LOUISVILLE, Ky. (WDRB) -- A Scottsburg High School senior faces an intimidation charge and may be expelled after posting video of an augmented reality game in which players shoot zombies in real-time settings.

Sean Small, an 18-year-old senior, was arrested at the school Tuesday after a female student complained to Principal Ric Manns that she was concerned after seeing video of Small playing The Walking Dead: Our World at school, with the game’s shooter and zombies visible in a hallway.

He posted, “Finally something better than Pokemon Go,” with the video.

After Manns and Joe Baker, a deputy in the Scott County Sheriff’s Office, watched the video, they found that the footage “depicted real Scottsburg High School students walking through the hallway along with fictional zombie characters.”

 “Such students could not be identified due to the app’s photographic settings,” Baker wrote in an affidavit for probable cause. “Further, it appeared Sean had used his smartphone to capture the movement of random students walking in the hallway of the school while shooting zombie characters walking in the shooter’s immediate direction.”

No weapons were found after Baker searched Small and his backpack, and he told school officials that he “meant no harm” in the post.

Small, a member of Scottsburg High’s wrestling team and part of the Indiana National Guard, pleaded not guilty to the intimidation charge, a misdemeanor, in Scott County Circuit Court on Thursday. He’s free after his family posted a $1,000 bond that day.

Scott County School District 2 Superintendent Marc Slaton declined to comment on the matter, citing student privacy laws.

Small’s father, Kris Small, said reaction from school officials was overblown. He said the criminal charge could affect his nascent military career while expulsion, if recommended after a hearing next week, will cost him his senior year and his final season on the wrestling team.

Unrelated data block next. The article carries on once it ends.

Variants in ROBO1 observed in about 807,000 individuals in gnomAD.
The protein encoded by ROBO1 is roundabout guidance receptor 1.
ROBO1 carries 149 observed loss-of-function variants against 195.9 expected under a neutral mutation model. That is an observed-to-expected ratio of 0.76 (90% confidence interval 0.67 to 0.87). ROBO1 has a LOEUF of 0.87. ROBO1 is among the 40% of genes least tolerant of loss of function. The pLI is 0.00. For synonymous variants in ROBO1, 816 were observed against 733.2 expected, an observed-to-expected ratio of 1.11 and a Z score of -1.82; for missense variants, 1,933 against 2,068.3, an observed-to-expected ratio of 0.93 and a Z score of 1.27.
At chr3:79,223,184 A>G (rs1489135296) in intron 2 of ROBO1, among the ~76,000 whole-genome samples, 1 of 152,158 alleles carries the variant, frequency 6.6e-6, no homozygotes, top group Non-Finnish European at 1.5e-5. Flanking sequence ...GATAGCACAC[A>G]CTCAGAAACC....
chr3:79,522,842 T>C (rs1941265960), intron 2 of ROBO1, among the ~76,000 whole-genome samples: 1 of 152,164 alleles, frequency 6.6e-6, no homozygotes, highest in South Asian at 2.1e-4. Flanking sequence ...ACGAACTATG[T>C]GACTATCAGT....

“All because of a simple video game he posted,” Small said after Tuesday’s hearing, adding that his son had recently downloaded the game after returning home from basic training at Fort Benning.

Small said he met with the school’s principals, resource officer and Slaton on Tuesday.

“They made it sound like he had posted this awful video,” he said. “They said he had created (computer-generated imagery) of students and was shooting students in the school hallway, and it wasn’t until I had a chance to actually look at it and I saw the logo in the corner and listened to it and heard the zombie sounds that I realized what it really was.”

“I do this for a living,” Small added. “I’m a counselor, and I work with people who are potentially homicidal and suicidal. This was just a kid posting a video of killing zombies, and unless zombies have constitutional rights in Indiana, CGI zombies at that, I don’t understand what the issue is.”

Sean Small’s trial is set for Oct. 23, with a pretrial conference set for Sept. 27.

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